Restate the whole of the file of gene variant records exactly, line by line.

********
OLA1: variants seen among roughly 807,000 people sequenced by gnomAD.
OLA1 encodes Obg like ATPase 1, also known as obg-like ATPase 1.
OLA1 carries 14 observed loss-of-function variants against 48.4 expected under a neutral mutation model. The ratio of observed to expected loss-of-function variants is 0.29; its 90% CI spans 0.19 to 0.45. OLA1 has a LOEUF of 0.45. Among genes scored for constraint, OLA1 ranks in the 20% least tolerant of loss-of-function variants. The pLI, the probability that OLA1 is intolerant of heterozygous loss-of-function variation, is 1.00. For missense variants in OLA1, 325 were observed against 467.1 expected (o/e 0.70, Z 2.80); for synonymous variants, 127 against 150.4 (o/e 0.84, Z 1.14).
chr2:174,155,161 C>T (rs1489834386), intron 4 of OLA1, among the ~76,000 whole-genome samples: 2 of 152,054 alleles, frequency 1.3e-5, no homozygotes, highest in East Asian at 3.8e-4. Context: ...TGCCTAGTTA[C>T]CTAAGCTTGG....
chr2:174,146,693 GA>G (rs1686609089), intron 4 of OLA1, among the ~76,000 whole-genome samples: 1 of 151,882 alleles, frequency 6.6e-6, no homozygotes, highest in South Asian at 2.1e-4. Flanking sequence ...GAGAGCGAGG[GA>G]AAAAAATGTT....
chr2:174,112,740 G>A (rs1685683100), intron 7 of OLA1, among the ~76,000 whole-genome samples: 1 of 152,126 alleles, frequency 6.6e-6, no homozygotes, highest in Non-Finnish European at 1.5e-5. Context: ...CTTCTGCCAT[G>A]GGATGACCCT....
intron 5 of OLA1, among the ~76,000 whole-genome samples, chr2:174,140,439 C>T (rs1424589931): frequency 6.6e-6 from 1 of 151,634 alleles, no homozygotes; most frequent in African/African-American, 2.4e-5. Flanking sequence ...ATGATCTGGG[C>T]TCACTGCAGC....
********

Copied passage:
OLA1: variants seen among roughly 807,000 people sequenced by gnomAD.
OLA1 encodes Obg like ATPase 1, also known as obg-like ATPase 1.
OLA1 carries 14 observed loss-of-function variants against 48.4 expected under a neutral mutation model. The ratio of observed to expected loss-of-function variants is 0.29; its 90% CI spans 0.19 to 0.45. OLA1 has a LOEUF of 0.45. Among genes scored for constraint, OLA1 ranks in the 20% least tolerant of loss-of-function variants. The pLI, the probability that OLA1 is intolerant of heterozygous loss-of-function variation, is 1.00. For missense variants in OLA1, 325 were observed against 467.1 expected (o/e 0.70, Z 2.80); for synonymous variants, 127 against 150.4 (o/e 0.84, Z 1.14).
chr2:174,155,161 C>T (rs1489834386), intron 4 of OLA1, among the ~76,000 whole-genome samples: 2 of 152,054 alleles, frequency 1.3e-5, no homozygotes, highest in East Asian at 3.8e-4. Context: ...TGCCTAGTTA[C>T]CTAAGCTTGG....
chr2:174,146,693 GA>G (rs1686609089), intron 4 of OLA1, among the ~76,000 whole-genome samples: 1 of 151,882 alleles, frequency 6.6e-6, no homozygotes, highest in South Asian at 2.1e-4. Flanking sequence ...GAGAGCGAGG[GA>G]AAAAAATGTT....
chr2:174,112,740 G>A (rs1685683100), intron 7 of OLA1, among the ~76,000 whole-genome samples: 1 of 152,126 alleles, frequency 6.6e-6, no homozygotes, highest in Non-Finnish European at 1.5e-5. Context: ...CTTCTGCCAT[G>A]GGATGACCCT....
intron 5 of OLA1, among the ~76,000 whole-genome samples, chr2:174,140,439 C>T (rs1424589931): frequency 6.6e-6 from 1 of 151,634 alleles, no homozygotes; most frequent in African/African-American, 2.4e-5. Flanking sequence ...ATGATCTGGG[C>T]TCACTGCAGC....